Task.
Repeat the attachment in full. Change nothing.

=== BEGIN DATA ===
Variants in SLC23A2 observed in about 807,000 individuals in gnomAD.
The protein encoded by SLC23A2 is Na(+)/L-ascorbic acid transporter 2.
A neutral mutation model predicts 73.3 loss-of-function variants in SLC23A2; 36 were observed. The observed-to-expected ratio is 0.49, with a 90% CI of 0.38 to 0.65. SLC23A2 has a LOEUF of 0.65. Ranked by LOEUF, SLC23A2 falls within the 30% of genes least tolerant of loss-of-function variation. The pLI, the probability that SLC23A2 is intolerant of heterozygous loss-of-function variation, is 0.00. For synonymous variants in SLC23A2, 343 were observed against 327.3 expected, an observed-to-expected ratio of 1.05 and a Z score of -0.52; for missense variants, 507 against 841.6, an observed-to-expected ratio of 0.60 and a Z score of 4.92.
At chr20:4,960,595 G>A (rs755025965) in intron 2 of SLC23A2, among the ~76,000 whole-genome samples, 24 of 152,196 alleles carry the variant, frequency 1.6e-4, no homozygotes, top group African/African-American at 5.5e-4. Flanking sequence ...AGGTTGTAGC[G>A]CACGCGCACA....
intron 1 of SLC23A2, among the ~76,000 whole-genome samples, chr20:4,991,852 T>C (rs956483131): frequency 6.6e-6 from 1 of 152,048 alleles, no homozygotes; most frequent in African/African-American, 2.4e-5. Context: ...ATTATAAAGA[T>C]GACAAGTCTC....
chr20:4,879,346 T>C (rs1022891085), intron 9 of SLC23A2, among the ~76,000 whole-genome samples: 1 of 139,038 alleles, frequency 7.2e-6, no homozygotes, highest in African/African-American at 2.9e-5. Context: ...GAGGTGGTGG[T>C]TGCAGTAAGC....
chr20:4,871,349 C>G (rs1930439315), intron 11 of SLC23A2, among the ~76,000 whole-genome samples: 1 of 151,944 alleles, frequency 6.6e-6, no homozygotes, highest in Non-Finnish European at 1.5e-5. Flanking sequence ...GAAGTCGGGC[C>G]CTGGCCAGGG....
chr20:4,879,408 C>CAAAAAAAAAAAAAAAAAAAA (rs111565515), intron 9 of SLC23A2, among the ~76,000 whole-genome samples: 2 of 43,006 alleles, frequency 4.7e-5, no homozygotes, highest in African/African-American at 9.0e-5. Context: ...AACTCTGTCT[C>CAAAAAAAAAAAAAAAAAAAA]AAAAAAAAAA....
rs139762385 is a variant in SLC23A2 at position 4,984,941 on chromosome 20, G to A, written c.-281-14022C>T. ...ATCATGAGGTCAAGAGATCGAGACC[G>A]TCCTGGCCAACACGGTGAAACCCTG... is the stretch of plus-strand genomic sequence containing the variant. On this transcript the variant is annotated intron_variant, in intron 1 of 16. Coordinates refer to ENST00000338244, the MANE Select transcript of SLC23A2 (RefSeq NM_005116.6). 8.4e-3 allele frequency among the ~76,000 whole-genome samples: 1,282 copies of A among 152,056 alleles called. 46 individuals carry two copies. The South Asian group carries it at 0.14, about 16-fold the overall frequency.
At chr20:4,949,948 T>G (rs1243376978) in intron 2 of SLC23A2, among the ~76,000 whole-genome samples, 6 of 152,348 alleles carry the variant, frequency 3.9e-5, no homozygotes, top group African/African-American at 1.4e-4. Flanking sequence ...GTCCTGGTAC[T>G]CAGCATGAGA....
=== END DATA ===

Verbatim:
Variants in SLC23A2 observed in about 807,000 individuals in gnomAD.
The protein encoded by SLC23A2 is Na(+)/L-ascorbic acid transporter 2.
A neutral mutation model predicts 73.3 loss-of-function variants in SLC23A2; 36 were observed. The observed-to-expected ratio is 0.49, with a 90% CI of 0.38 to 0.65. SLC23A2 has a LOEUF of 0.65. Ranked by LOEUF, SLC23A2 falls within the 30% of genes least tolerant of loss-of-function variation. The pLI, the probability that SLC23A2 is intolerant of heterozygous loss-of-function variation, is 0.00. For synonymous variants in SLC23A2, 343 were observed against 327.3 expected, an observed-to-expected ratio of 1.05 and a Z score of -0.52; for missense variants, 507 against 841.6, an observed-to-expected ratio of 0.60 and a Z score of 4.92.
At chr20:4,960,595 G>A (rs755025965) in intron 2 of SLC23A2, among the ~76,000 whole-genome samples, 24 of 152,196 alleles carry the variant, frequency 1.6e-4, no homozygotes, top group African/African-American at 5.5e-4. Flanking sequence ...AGGTTGTAGC[G>A]CACGCGCACA....
intron 1 of SLC23A2, among the ~76,000 whole-genome samples, chr20:4,991,852 T>C (rs956483131): frequency 6.6e-6 from 1 of 152,048 alleles, no homozygotes; most frequent in African/African-American, 2.4e-5. Context: ...ATTATAAAGA[T>C]GACAAGTCTC....
chr20:4,879,346 T>C (rs1022891085), intron 9 of SLC23A2, among the ~76,000 whole-genome samples: 1 of 139,038 alleles, frequency 7.2e-6, no homozygotes, highest in African/African-American at 2.9e-5. Context: ...GAGGTGGTGG[T>C]TGCAGTAAGC....
chr20:4,871,349 C>G (rs1930439315), intron 11 of SLC23A2, among the ~76,000 whole-genome samples: 1 of 151,944 alleles, frequency 6.6e-6, no homozygotes, highest in Non-Finnish European at 1.5e-5. Flanking sequence ...GAAGTCGGGC[C>G]CTGGCCAGGG....
chr20:4,879,408 C>CAAAAAAAAAAAAAAAAAAAA (rs111565515), intron 9 of SLC23A2, among the ~76,000 whole-genome samples: 2 of 43,006 alleles, frequency 4.7e-5, no homozygotes, highest in African/African-American at 9.0e-5. Context: ...AACTCTGTCT[C>CAAAAAAAAAAAAAAAAAAAA]AAAAAAAAAA....
rs139762385 is a variant in SLC23A2 at position 4,984,941 on chromosome 20, G to A, written c.-281-14022C>T. ...ATCATGAGGTCAAGAGATCGAGACC[G>A]TCCTGGCCAACACGGTGAAACCCTG... is the stretch of plus-strand genomic sequence containing the variant. On this transcript the variant is annotated intron_variant, in intron 1 of 16. Coordinates refer to ENST00000338244, the MANE Select transcript of SLC23A2 (RefSeq NM_005116.6). 8.4e-3 allele frequency among the ~76,000 whole-genome samples: 1,282 copies of A among 152,056 alleles called. 46 individuals carry two copies. The South Asian group carries it at 0.14, about 16-fold the overall frequency.
At chr20:4,949,948 T>G (rs1243376978) in intron 2 of SLC23A2, among the ~76,000 whole-genome samples, 6 of 152,348 alleles carry the variant, frequency 3.9e-5, no homozygotes, top group African/African-American at 1.4e-4. Flanking sequence ...GTCCTGGTAC[T>G]CAGCATGAGA....